On the eve of its quarterly presentation to investors and analysts, Square Enix today sent out a "revised" (uh-oh) forecast for the financial results of the last fiscal year, which ended March 31, 2011. Stakeholders should bring their ponchos -- they're in for stormy weather.

In February, with nine months in the books, the publisher was confident it could hold onto its threadbare profits, forecasting a meager ¥1 billion ($12 million and change) in net income at the close of the fiscal year. While the unforeseen and devastating Great East Japan Earthquake in March knocked out more than half of that forecast income -- costing Square Enix roughly ¥0.6 billion in amusement facility closures and repairs -- other factors contributed more significantly to the company's now bleak outlook.

So how bad is it? Square Enix currently anticipates a ¥12 billion (nearly $150 million) net loss for the 12-month period, a negative 226 percent change from the previous fiscal year (which brought in ¥9.509 billion in income). Further, accounting for additional subtractions from the balance sheet, the company is bracing investors for "total extraordinary losses of approximately ¥16.0 billion during the fiscal year."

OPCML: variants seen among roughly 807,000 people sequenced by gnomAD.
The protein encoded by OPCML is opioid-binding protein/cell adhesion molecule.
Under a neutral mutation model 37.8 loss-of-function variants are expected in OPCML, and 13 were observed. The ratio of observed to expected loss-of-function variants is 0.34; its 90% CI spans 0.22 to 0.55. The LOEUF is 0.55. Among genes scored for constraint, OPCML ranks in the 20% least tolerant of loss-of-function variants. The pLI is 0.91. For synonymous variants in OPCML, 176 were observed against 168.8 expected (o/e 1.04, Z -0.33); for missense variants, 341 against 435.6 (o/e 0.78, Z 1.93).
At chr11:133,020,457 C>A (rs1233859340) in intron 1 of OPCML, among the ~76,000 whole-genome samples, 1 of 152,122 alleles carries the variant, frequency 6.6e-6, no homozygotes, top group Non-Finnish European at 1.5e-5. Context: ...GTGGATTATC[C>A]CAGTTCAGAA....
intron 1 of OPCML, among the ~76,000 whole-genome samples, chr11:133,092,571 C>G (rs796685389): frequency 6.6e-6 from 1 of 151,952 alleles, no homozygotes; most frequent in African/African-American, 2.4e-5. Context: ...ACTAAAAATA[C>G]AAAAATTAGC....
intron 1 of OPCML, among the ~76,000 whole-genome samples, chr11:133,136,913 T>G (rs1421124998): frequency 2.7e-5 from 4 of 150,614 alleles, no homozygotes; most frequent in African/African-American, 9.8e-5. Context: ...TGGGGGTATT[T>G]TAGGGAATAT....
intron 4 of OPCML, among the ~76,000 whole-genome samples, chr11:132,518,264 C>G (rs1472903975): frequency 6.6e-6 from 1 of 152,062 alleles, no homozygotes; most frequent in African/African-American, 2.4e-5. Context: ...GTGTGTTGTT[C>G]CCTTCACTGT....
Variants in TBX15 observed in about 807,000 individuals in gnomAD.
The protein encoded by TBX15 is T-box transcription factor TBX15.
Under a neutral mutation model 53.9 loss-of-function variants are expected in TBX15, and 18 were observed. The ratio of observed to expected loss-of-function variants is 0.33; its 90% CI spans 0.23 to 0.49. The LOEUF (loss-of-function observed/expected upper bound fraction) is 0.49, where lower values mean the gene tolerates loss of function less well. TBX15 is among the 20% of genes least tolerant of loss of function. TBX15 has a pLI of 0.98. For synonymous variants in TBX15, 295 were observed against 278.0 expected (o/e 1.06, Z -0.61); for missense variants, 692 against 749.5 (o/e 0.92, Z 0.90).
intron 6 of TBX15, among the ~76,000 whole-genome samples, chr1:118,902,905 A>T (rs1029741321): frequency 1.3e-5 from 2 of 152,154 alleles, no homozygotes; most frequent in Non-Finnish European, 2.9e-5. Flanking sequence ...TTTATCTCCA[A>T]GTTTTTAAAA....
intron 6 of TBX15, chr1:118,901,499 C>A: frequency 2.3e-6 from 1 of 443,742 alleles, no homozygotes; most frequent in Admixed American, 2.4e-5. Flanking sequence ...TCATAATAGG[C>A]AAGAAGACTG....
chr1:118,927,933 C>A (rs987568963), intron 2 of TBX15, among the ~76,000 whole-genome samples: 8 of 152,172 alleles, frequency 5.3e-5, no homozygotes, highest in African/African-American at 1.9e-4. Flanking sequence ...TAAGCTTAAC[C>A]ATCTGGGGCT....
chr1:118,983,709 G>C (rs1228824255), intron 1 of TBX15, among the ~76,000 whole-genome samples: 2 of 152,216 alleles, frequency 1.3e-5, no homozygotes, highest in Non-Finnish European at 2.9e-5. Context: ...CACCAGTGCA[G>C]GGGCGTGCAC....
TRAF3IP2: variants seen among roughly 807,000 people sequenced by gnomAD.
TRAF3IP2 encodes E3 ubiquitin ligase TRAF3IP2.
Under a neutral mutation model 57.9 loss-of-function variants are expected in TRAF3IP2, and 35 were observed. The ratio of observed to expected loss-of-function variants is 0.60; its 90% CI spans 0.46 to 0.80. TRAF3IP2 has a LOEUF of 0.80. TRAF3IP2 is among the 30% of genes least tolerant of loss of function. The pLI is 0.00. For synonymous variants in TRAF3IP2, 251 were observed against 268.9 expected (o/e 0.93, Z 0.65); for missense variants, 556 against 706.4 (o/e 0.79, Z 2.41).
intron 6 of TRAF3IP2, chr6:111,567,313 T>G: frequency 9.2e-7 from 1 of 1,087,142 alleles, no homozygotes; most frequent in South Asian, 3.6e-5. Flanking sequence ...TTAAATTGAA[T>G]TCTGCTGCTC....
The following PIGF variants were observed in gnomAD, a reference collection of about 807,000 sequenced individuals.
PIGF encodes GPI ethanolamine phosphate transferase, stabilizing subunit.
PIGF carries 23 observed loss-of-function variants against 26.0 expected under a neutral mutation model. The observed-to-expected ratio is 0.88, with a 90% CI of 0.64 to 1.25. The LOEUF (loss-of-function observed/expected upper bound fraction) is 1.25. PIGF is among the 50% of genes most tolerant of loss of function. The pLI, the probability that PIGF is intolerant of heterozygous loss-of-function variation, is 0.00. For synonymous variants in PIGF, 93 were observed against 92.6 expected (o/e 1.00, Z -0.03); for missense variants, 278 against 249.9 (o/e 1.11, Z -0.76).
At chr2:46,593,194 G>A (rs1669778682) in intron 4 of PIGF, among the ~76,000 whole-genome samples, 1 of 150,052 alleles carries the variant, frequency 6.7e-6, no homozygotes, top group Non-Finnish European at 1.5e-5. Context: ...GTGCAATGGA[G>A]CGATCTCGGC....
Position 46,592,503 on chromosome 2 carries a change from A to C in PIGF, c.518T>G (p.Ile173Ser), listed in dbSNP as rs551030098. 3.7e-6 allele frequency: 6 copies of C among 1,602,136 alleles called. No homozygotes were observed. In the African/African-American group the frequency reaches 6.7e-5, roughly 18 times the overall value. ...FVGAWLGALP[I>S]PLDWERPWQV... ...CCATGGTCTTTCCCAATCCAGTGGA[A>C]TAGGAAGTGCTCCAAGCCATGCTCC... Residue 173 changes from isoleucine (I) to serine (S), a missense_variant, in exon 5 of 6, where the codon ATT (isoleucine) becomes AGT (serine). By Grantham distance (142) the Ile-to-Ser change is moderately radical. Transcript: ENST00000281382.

If there's a silver lining, it's in the publisher "introducing a tightened selection standard regarding title lineup" -- which cost Square Enix about ¥4.5 billion in the short term due to project cancellations, including a Highlander game and Gun Loco. But, ideally, this quality control will "strengthen" the company's critical video game segment in the long run, and perhaps restore Square Enix to its former glory.

This article was originally published on Joystiq.